HEADQUARTERS OF THE ARMY, Washington, February 23, 1862.
GENERAL: You are assigned to the command of the land forces destined to co-operate with the Navy in the attacks upon New Orleans. You will use every means to keep your destination a profound secret, even from your staff officers, with the exception of your chief of staff and Lieutenant Weitzel, of the Engineers. The force at your disposal will consist of the first thirteen regiments named in your memorandum handed to me in person, the Twenty-first Indiana, Fourth Wisconsin, and Sixth Michigan (old and good regiments from Baltimore).
The Twenty-first Indiana, Fourth Wisconsin, and Sixth Michigan will await your orders at Fort Monroe.
Two companies of the Twenty-first Indiana are well drilled as heavy artillery. The cavalry force already en route for Ship Island will be sufficient for your purposes..
After full consultation with officers well acquainted with the country in which it is proposed to operate, I have arrived at the conclusion that two light batteries fully equipped and one without horses will be all that are necessary. This will make your force about 14,400 infantry, 275 cavalry, 580 artillery; total, 15,255 men. The commanding general of the Department of Key West is authorized to loan you, temporarily, two regiments; Fort Pickens can, probably, give you another, which will bring your force to near 18,000.
The object of your expedition is one of vital importance-the capture of New Orleans. The route selected is up the Mississippi River, and the first obstacle to be encountered (perhaps the only one) is in the resistance offered by Forts Saint Philip and Jackson. It is expected that the Navy can reduce these works; in that case you will, after their capture, leave a sufficient garrison in them to render them perfectly secure; and it is recommenced that, on the upward passage, a few heavy guns and some troops be left at the pilot station (at the forks of the river) to cover a retreat in the event of a disaster. These troops and guns will of course be removed as soon as the forts are captured. Should the Navy fail to reduce the works, you will land your forces and siege train, and endeavor to breach the works, silence their fire, and carry them by assault.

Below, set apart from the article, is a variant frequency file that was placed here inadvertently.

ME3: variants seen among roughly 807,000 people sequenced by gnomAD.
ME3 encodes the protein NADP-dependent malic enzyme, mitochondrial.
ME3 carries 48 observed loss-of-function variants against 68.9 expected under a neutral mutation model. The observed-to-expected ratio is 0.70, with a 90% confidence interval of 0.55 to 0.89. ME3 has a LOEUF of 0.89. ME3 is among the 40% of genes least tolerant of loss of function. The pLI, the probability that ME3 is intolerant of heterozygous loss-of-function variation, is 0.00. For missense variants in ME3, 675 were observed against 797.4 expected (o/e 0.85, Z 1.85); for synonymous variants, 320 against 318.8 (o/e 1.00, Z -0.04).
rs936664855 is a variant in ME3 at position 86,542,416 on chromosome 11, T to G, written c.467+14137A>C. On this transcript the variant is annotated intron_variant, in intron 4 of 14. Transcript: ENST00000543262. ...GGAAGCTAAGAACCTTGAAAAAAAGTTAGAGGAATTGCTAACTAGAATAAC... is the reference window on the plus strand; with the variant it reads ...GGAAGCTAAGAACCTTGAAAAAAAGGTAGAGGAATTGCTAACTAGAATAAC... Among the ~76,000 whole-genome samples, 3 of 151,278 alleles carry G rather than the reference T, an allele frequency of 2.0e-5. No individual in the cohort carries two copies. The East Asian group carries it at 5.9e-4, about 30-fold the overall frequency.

The next resistance will be near the English Bend, where there are some earthen batteries. Here is may be necessary for you to land your troops and co-operate with the naval attack, although it is more than probable that the Navy unassisted can accomplish the result. If these works are taken, the city of New Orleans necessarily falls. In that event, it will probably be best to occupy Algiers with the mass of your troops, also the eastern bank of the river above the city. It may be necessary to place some troops in the city to preserve order, but if there appears to be sufficient Union sentiment to control the city, it may be best for purposes of discipline to keep your men out of the city.
After obtaining possession of New Orleans, it will be necessary to reduce all the works guarding its approaches from the east, and particularly to gain the Manchac Pass.
Baton Rouge, Berwick Bay, and Fort Livingston will next claim your attention.
A feint on Galveston may facilitate the objects we have in view. I need not call your attention to the necessity of gaining possession of all the rolling stock you can on the different railways and of obtaining control of the roads themselves. The occupation of Baton Rouge by a combined naval and land force should be accomplished as soon as possible after you have gained New Orleans. Then endeavor to open your communication with the northern column by the Mississippi, always bearing is mind the necessity of occupying Jackson, Miss., as soon as you can safely do so, either after or before you have effected the junction. Allow nothing to divert you from obtaining full possession of all the approaches to New Orleans. When that object is accomplished to its fullest extent, it will be necessary to make a combined attack on Mobile, in order to gain possession of the harbor and works, as well as to control the railway terminus at the city. In regard to this I will send more detailed instructions as the operations of the northern column develop themselves.
I may briefly state that the general objects of the expedition are, first the reduction of New Orleans and all its approaches; then Mobile and its defenses; then Pensacola, Galveston, &c. It is probable that by the time New Orleans is reduced it will be in the power of the Government to re-enforce the land forces sufficiently to accomplish all these objects. In the mean time you will please give all the assistance in your power to the army and navy commanders in your vicinity, never losing sight of the fact that the great object to be achieved is the capture and firm retention of New Orleans.
I am, &c.,
GEO. B. McCLELLAN,
Major-General, Commanding U. S. Army.
Major General B. F. BUTLER, U. S. Volunteers.